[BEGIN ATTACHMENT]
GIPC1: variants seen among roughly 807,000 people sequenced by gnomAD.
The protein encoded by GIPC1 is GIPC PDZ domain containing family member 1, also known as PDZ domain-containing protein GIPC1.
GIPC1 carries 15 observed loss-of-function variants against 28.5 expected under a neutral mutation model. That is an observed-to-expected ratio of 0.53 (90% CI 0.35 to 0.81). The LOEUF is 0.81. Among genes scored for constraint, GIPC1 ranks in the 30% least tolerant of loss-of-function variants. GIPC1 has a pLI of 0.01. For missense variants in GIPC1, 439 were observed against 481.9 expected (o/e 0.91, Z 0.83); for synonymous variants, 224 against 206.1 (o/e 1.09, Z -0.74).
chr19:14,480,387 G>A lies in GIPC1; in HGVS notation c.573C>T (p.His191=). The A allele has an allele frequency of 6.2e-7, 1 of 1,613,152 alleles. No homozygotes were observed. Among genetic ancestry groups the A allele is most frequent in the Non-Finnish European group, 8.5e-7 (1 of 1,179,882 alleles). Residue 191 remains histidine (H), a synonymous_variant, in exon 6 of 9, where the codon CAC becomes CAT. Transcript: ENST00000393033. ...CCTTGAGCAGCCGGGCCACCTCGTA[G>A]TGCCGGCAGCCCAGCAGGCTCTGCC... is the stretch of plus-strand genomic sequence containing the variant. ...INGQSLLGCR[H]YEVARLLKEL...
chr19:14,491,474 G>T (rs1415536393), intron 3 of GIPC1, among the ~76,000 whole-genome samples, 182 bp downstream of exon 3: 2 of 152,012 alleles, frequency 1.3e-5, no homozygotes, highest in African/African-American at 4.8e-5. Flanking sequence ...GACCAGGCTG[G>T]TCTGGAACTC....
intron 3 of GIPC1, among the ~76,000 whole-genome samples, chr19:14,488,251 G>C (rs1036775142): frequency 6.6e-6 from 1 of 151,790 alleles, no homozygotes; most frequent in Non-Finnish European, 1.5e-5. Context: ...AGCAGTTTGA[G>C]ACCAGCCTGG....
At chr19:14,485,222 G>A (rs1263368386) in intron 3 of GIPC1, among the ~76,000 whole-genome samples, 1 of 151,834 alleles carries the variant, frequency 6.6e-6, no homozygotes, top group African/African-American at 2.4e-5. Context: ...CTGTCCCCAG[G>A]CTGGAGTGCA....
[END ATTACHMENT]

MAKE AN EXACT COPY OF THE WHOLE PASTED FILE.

GIPC1: variants seen among roughly 807,000 people sequenced by gnomAD.
The protein encoded by GIPC1 is GIPC PDZ domain containing family member 1, also known as PDZ domain-containing protein GIPC1.
GIPC1 carries 15 observed loss-of-function variants against 28.5 expected under a neutral mutation model. That is an observed-to-expected ratio of 0.53 (90% CI 0.35 to 0.81). The LOEUF is 0.81. Among genes scored for constraint, GIPC1 ranks in the 30% least tolerant of loss-of-function variants. GIPC1 has a pLI of 0.01. For missense variants in GIPC1, 439 were observed against 481.9 expected (o/e 0.91, Z 0.83); for synonymous variants, 224 against 206.1 (o/e 1.09, Z -0.74).
chr19:14,480,387 G>A lies in GIPC1; in HGVS notation c.573C>T (p.His191=). The A allele has an allele frequency of 6.2e-7, 1 of 1,613,152 alleles. No homozygotes were observed. Among genetic ancestry groups the A allele is most frequent in the Non-Finnish European group, 8.5e-7 (1 of 1,179,882 alleles). Residue 191 remains histidine (H), a synonymous_variant, in exon 6 of 9, where the codon CAC becomes CAT. Transcript: ENST00000393033. ...CCTTGAGCAGCCGGGCCACCTCGTA[G>A]TGCCGGCAGCCCAGCAGGCTCTGCC... is the stretch of plus-strand genomic sequence containing the variant. ...INGQSLLGCR[H]YEVARLLKEL...
chr19:14,491,474 G>T (rs1415536393), intron 3 of GIPC1, among the ~76,000 whole-genome samples, 182 bp downstream of exon 3: 2 of 152,012 alleles, frequency 1.3e-5, no homozygotes, highest in African/African-American at 4.8e-5. Flanking sequence ...GACCAGGCTG[G>T]TCTGGAACTC....
intron 3 of GIPC1, among the ~76,000 whole-genome samples, chr19:14,488,251 G>C (rs1036775142): frequency 6.6e-6 from 1 of 151,790 alleles, no homozygotes; most frequent in Non-Finnish European, 1.5e-5. Context: ...AGCAGTTTGA[G>C]ACCAGCCTGG....
At chr19:14,485,222 G>A (rs1263368386) in intron 3 of GIPC1, among the ~76,000 whole-genome samples, 1 of 151,834 alleles carries the variant, frequency 6.6e-6, no homozygotes, top group African/African-American at 2.4e-5. Context: ...CTGTCCCCAG[G>A]CTGGAGTGCA....